Written by Steve Froehlich

Steve Froehlich

Senior Pastor - New Life Presbyterian Church, Ithaca, NY

Steve Froehlich has served as pastor of New Life Presbyterian Church since 1998. Previously, he served as Executive Vice President of Reformed Theological Seminary and as Assistant Pastor to Highlands Presbyterian Church in Jackson, MS. He completed undergraduate studies in theatre. His Doctor of Ministry thesis, entitled “Faithful Presence: How Community Formation Shapes the Understanding and Practice of Calling,” reflects his commitment to encouraging and equipping people to live for God’s glory and the common good in every area of culture. During his time in Ithaca, he has served as board president of Chesterton House Center for Christian Studies at Cornell University, on the board of the PCA Foundation, and as a member of the Ithaca City School District’s Key Communicators Team. His interests include the intersection of Christianity and the arts, especially literature and film. He and his wife, Sheryl, met in college. They have three sons and four grandchildren.

November 27, 2012

It sounds much too bland to ask: How would you live today if you knew that it were your last? For someone who really did care about squeezing every drop of living out of life, the proposition must be framed with much more imagination. For instance, Is the joy of watching the poor bus driver go into a wild-eyed panic because you have stepped out in front of his oncoming bus a fair exchange for the very real possibility of have having your ticket permanently punched a few days early? Frantisek Hána (Fanda) would have to give it serious consideration. It would be quite a show, one worth seeing. If he took that step off the curb, you can be sure he would stand facing the mayhem bearing down upon him with a bemused calm that would allow him to absorb the full effect of his mischief.

Autumn-Spring is a gem of Czeck cinema featuring the acclaimed veteran duo of Vlastimil Brodsk and Stella Zázvorková as Fanda and Emílie, roles for which they were awarded the Czeck Lion. The married couple is in their autumn years. Emílie insists on using their time and resources for the practical necessities of preparing for the inevitable so that they are not a burden on anyone else. Fanda, however, is stoical about such mundane matters—his imagination and playfulness are alive even inside his aging body and he will have nothing to do with living practically and “going quietly into that good night.” He and his all-too-willing accomplice, Eda, are busy scheming up their shenanigans: posing as subway agents so they can steal kisses from pretty passengers who don’t have the proper fair, posing as a retired opera conductor and assistant while allowing greedy real estate agents wine them and dine them in hopes of a lucrative sale.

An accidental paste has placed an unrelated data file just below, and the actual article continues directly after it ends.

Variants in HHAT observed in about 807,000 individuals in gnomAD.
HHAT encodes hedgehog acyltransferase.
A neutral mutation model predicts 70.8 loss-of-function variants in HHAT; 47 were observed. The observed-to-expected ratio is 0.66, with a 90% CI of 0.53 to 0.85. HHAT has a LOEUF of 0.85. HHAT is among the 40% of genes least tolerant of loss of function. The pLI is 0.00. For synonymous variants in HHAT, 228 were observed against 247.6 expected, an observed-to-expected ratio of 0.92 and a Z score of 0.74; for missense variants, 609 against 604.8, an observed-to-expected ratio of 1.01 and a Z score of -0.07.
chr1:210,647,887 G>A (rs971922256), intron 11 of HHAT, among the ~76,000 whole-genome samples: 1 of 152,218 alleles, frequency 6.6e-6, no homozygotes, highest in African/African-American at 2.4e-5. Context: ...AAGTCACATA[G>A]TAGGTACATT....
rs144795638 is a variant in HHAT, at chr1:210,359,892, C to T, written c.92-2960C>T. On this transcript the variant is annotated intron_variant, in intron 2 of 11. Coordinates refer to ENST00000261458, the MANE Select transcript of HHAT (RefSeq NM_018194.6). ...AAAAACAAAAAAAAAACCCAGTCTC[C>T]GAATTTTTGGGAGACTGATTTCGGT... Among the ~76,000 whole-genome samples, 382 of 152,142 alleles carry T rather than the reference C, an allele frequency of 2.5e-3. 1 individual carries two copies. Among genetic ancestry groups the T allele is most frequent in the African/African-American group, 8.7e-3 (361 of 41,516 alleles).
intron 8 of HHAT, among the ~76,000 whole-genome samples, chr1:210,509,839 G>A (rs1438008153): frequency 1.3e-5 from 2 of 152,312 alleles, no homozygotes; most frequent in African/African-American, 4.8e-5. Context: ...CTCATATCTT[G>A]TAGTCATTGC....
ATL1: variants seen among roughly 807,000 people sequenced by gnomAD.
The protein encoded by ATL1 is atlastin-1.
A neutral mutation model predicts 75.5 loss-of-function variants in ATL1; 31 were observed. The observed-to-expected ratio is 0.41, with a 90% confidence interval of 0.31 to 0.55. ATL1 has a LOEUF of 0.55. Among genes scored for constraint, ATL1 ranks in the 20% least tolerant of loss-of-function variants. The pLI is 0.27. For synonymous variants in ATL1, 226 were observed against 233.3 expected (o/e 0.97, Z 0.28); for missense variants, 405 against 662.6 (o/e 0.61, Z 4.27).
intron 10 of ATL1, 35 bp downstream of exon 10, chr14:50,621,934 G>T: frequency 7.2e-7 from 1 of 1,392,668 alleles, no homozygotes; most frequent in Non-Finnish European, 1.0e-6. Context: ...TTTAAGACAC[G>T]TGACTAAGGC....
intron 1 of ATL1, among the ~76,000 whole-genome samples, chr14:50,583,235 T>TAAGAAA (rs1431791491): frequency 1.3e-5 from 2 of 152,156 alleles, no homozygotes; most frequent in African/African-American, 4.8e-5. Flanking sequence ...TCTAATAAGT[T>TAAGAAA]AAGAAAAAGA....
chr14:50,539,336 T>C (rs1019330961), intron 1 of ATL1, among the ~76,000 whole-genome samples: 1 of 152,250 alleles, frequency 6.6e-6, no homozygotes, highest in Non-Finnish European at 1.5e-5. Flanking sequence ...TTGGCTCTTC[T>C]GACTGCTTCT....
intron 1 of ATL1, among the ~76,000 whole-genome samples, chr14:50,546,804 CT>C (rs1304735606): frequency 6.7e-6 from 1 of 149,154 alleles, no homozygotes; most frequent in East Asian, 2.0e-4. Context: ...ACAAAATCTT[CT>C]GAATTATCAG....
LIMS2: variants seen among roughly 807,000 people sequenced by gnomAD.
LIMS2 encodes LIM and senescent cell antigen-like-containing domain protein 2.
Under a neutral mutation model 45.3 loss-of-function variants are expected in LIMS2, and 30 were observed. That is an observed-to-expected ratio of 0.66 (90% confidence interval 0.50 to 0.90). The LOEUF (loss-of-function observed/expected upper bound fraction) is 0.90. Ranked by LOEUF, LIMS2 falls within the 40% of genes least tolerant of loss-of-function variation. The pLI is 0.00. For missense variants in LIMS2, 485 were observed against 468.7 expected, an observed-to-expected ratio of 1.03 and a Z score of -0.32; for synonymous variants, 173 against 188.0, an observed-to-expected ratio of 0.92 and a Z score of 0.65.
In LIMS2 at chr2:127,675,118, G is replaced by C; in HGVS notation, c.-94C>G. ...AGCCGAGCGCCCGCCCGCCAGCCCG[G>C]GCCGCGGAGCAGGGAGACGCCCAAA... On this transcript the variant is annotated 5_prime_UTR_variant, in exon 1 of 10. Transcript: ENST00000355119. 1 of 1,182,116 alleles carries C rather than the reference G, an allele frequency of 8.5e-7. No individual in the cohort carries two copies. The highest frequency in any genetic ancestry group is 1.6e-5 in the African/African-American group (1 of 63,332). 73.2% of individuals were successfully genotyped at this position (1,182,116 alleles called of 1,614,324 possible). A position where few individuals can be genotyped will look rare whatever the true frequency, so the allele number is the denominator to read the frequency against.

This is a film touched by the Eastern European pessimism or sadness that comes from nearly a century lived in oppression. The actors themselves have weathered their homeland’s bleak hours, so their performances function as a somewhat unintentional testimonial to people who have waited to die well. The film assumes that death is inevitable—that much is not in debate. But it does ask us how we will live, regardless of our age, as people who are dying.

Fanda doesn’t really want to cheat death—he simply does not want to give up on the joy of life a moment too soon. However, his determined refusal to be practical exposes a deep root of selfishness and self-centeredness. His own thrill-seeking and joy-riding eventually reveal how unwilling he has been to be loving toward others, especially his loyal and persevering wife.

Autumn-Spring shows us Fanda and Emílie having grown old together, but it is not essentially a film about old age or death, although death is always present. In a much more charming and often amusing manner it echoes the line from William Wallace in Braveheart: “Every man dies, but not every man really lives.” It reminds us of the power which humor, imagination, and joy have to literally sustain our lives. It asks us to think about the relationship that love and personal happiness have to one another.

Director Vladimír Michálek gives us a simple unadorned film so that the characters come alive with depth and dimension. Yet, the simplicity functions as a powerful reminder that great joy in life does not come from those distractions that often complicate our lives. Childlike Fanda uses only his imagination to make a playground out of a world which knows little of the adult gadgets and toys that keep us busy and distracted, weary in our drivenness.

The film’s subtitles are well-translated and capture much of the nuance expressed in the story and in the rich facial expressions of the characters. One of the great ironies of this hopeful and affirming film is that it marks the end of the life and career of Vlastimil Brodsk—he committed suicide shortly after the film was completed.

-Steve Froehlich

Questions for discussion:

  • How does the film’s simplicity complement the theme of happiness?
  • Why do you think Fanda is so indifferent to Emílie?
  • Why do you think Emílie is so angry with Fanda?
  • What is the source of the undercurrent of cynicism in the film?
  • How and why do Fanda and Emílie change, if in fact you think they do?
  • How does the film enlist your sympathies for the characters? Do your sympathies change? Why?
  • Do you think the film is hopeful? Why, or why not?
  • How does the film explore the tension between possibility and necessity? Between truth and happiness?
Chesterton House Painting